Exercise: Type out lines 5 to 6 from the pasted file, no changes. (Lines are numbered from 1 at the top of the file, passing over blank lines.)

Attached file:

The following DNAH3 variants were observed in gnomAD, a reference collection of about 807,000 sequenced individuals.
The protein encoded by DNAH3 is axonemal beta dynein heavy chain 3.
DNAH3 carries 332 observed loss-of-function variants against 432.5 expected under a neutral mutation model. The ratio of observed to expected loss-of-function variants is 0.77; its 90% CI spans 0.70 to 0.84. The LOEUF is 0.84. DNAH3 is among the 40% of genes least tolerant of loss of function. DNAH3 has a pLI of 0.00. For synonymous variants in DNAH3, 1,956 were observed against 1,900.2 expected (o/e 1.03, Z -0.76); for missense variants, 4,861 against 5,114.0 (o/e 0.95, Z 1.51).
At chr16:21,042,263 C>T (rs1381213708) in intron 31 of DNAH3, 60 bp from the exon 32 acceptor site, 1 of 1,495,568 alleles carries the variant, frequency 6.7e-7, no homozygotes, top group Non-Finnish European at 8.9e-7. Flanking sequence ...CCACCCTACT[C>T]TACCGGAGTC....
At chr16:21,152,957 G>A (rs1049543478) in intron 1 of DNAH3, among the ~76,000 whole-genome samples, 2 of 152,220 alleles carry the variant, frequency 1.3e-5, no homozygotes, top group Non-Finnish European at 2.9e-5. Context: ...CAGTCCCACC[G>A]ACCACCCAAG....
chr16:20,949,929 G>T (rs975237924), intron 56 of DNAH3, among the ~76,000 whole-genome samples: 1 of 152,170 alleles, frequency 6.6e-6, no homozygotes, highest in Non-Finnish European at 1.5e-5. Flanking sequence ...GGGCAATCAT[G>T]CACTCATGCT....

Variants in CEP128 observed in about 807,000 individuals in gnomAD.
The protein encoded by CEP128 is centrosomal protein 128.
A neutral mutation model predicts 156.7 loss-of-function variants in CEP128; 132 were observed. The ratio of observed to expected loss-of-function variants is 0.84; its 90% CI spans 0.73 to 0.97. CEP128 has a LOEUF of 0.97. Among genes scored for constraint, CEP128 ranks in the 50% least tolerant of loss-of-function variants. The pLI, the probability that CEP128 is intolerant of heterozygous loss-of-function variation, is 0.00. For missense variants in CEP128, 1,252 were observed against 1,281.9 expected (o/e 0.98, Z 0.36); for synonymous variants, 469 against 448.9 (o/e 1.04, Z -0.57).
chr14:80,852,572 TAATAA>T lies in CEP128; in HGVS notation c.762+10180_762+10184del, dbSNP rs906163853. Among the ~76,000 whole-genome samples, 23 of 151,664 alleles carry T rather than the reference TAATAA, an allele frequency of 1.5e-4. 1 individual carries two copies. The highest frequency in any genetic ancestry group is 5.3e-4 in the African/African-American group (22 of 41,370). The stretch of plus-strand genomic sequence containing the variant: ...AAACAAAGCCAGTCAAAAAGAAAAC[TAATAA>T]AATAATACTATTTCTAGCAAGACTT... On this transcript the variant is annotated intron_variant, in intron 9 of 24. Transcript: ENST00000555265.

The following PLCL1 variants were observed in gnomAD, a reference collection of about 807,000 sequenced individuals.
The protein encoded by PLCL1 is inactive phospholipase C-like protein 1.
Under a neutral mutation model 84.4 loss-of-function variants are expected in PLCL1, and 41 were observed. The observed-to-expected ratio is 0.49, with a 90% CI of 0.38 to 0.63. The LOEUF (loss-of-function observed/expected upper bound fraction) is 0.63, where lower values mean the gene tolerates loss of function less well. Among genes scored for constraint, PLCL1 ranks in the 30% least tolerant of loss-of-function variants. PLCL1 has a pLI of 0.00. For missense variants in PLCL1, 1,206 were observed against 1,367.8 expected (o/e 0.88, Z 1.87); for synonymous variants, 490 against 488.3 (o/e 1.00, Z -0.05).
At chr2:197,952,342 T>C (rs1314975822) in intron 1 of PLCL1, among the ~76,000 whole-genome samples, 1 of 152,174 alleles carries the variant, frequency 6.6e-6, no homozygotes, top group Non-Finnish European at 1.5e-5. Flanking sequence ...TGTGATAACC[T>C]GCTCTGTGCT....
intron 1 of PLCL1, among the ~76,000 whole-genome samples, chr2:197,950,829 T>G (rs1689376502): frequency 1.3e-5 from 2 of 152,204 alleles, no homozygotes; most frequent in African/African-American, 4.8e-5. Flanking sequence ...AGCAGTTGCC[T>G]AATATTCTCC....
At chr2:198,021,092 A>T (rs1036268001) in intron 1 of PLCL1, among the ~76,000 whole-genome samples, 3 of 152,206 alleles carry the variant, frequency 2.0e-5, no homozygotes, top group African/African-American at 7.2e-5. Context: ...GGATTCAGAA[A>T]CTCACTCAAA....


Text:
At chr16:21,152,957 G>A (rs1049543478) in intron 1 of DNAH3, among the ~76,000 whole-genome samples, 2 of 152,220 alleles carry the variant, frequency 1.3e-5, no homozygotes, top group Non-Finnish European at 2.9e-5. Context: ...CAGTCCCACC[G>A]ACCACCCAAG....
chr16:20,949,929 G>T (rs975237924), intron 56 of DNAH3, among the ~76,000 whole-genome samples: 1 of 152,170 alleles, frequency 6.6e-6, no homozygotes, highest in Non-Finnish European at 1.5e-5. Flanking sequence ...GGGCAATCAT[G>T]CACTCATGCT....